Christianity: beliefs about care of the planet
The relationship between human beings and the earth is increasingly complicated and urgent. Every day there are stories about pollution, global warming and animal species facing extinction. Religion is responding with views on the environment and our responsibility for it.
Although human beings are seen as the most intelligent life form on earth, they are responsible for almost all the damage done to the planet. If we imagined the earth is aged 46, all the damage done has taken place in the last 60 seconds of the earth's life.
Christians say in the Apostles’ Creed:
I believe in one God, the Father, the almighty, maker of heaven and earth.
Christian teaching about caring for the environment comes from the Bible:
Then God said, 'Let us make man in our image, in our likeness, and let them rule over the fish of the sea and the birds of the air, over the livestock, over all the earth, and over all the creatures that move along the ground.'… God blessed them and said to them, 'Be fruitful and increase in number; fill the earth and subdue it. Rule over the fish of the sea and the birds of the air and over every living creature that moves on the ground.'
Genesis 1:26 and 28
Some Christians have interpreted this story as giving people the right to exploit the environment. However, most people see themselves as being responsible for the world created by God and they have to make their own decisions about how to do this.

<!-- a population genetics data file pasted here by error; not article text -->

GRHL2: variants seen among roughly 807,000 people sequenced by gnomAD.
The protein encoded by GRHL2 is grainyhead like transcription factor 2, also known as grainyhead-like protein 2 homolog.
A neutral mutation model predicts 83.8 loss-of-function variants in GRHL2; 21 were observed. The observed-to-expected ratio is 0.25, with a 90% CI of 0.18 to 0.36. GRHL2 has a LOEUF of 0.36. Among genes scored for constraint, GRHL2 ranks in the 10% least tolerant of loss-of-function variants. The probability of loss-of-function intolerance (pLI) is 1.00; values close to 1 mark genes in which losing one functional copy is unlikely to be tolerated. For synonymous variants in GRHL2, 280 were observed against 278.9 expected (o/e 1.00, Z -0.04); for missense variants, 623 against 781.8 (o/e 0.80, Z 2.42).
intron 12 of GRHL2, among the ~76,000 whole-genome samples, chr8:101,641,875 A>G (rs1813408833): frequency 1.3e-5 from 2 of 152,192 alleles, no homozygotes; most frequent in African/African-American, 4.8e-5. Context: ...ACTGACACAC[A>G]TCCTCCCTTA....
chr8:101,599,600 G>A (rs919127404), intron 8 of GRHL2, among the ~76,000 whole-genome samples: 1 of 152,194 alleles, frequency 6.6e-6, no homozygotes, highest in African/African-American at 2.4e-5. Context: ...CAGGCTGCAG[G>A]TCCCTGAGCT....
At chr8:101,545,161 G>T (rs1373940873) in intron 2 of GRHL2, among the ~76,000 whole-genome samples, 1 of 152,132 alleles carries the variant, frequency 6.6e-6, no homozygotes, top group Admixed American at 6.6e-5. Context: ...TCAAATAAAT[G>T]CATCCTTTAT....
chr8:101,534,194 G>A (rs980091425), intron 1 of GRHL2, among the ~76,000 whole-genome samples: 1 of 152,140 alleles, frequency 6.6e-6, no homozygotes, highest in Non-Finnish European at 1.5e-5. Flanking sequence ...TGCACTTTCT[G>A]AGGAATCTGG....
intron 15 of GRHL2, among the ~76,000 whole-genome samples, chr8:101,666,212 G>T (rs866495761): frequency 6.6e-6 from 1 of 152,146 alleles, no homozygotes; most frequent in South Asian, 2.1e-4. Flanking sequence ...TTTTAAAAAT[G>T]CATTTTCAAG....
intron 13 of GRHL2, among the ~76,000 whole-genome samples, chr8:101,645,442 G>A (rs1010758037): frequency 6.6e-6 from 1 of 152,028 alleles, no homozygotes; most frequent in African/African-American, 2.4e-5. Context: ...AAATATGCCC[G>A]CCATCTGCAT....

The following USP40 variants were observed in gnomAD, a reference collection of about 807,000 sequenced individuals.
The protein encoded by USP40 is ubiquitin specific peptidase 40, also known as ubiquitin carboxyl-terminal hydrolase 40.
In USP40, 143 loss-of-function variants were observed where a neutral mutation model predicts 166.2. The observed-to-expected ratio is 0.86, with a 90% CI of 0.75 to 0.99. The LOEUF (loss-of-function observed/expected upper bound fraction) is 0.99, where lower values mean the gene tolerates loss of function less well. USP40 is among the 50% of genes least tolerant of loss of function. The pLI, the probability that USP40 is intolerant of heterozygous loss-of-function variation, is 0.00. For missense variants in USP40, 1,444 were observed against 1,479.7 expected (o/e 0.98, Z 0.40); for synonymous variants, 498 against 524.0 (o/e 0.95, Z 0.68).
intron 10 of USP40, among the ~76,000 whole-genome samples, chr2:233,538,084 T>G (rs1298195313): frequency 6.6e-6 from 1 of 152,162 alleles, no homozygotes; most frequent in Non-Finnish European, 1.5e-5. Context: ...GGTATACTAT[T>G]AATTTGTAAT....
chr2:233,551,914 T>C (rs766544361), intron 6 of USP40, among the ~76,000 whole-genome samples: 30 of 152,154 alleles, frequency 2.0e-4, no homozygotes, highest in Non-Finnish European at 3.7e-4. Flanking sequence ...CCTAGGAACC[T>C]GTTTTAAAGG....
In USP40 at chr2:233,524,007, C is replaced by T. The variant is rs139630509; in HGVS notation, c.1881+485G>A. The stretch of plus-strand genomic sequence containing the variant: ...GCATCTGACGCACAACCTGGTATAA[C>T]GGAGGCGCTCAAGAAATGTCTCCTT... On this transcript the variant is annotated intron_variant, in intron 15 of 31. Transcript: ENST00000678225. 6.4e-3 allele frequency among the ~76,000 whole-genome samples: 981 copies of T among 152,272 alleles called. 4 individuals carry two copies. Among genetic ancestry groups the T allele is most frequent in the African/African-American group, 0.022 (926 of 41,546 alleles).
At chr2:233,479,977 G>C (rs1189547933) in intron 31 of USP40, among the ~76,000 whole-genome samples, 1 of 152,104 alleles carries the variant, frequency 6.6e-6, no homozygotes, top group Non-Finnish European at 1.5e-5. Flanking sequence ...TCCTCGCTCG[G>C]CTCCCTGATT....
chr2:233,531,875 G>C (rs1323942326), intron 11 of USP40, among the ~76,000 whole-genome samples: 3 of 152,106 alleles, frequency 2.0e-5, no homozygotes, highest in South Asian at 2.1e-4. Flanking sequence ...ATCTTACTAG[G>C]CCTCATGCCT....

The Bible has very little else specific to say about the environment, but it explains the principles of stewardship (responsibility) for God’s creation:
In the Old Testament the Jews were told to rest the land once every 50 years so that it would produce more in the future (Leviticus 25:8-11). They were also ordered not to destroy trees when they were attacking a city:
When you lay siege to a city for a long time, fighting against it to capture it, do not destroy its trees by putting an axe to them, because you can eat their fruit. Do not cut them down. Are the trees of the field people, that you should besiege them?
It is clear that the earth still belongs to God not to humans:
The earth is the Lord’s, and everything in it, the world, and all who live in it.
In the New Testament Jesus stresses God’s concern for life:
Consider how the lilies grow. They do not labour or spin. Yet I tell you, not even Solomon in all his splendour was dressed like one of these.
Many Christians do celebrate the environment by holding harvest festivals each year when they thank God for the harvest.
The Christian church has recently become more concerned about the environment. The Roman Catholic church made a statement about it in 1988:
The earth and all life on it is a gift from God given us to share and develop, not to dominate and exploit. Our actions have consequences for the rights of others and for the resources of the earth. The goods of the earth and the beauties of nature are to be enjoyed and celebrated as well as consumed. We have the responsibility to create a balanced policy between consumption and conservation. We must consider the welfare of future generations in our planning for and utilisation of the earth’s resources.
The World Council of Churches said:
The dignity of nature as creation needs to be bound up with our responsibility for the preservation of life.
The Declaration on Nature, Assisi, (1986) said:
Christians repudiate all ill-considered exploitation of nature which threatens to destroy it and, in turn, to make man the victim of degradation.
Pope Benedict XV1, 2007, said:
Care of water resources and attention to climate change are matters of grave importance for the entire human family.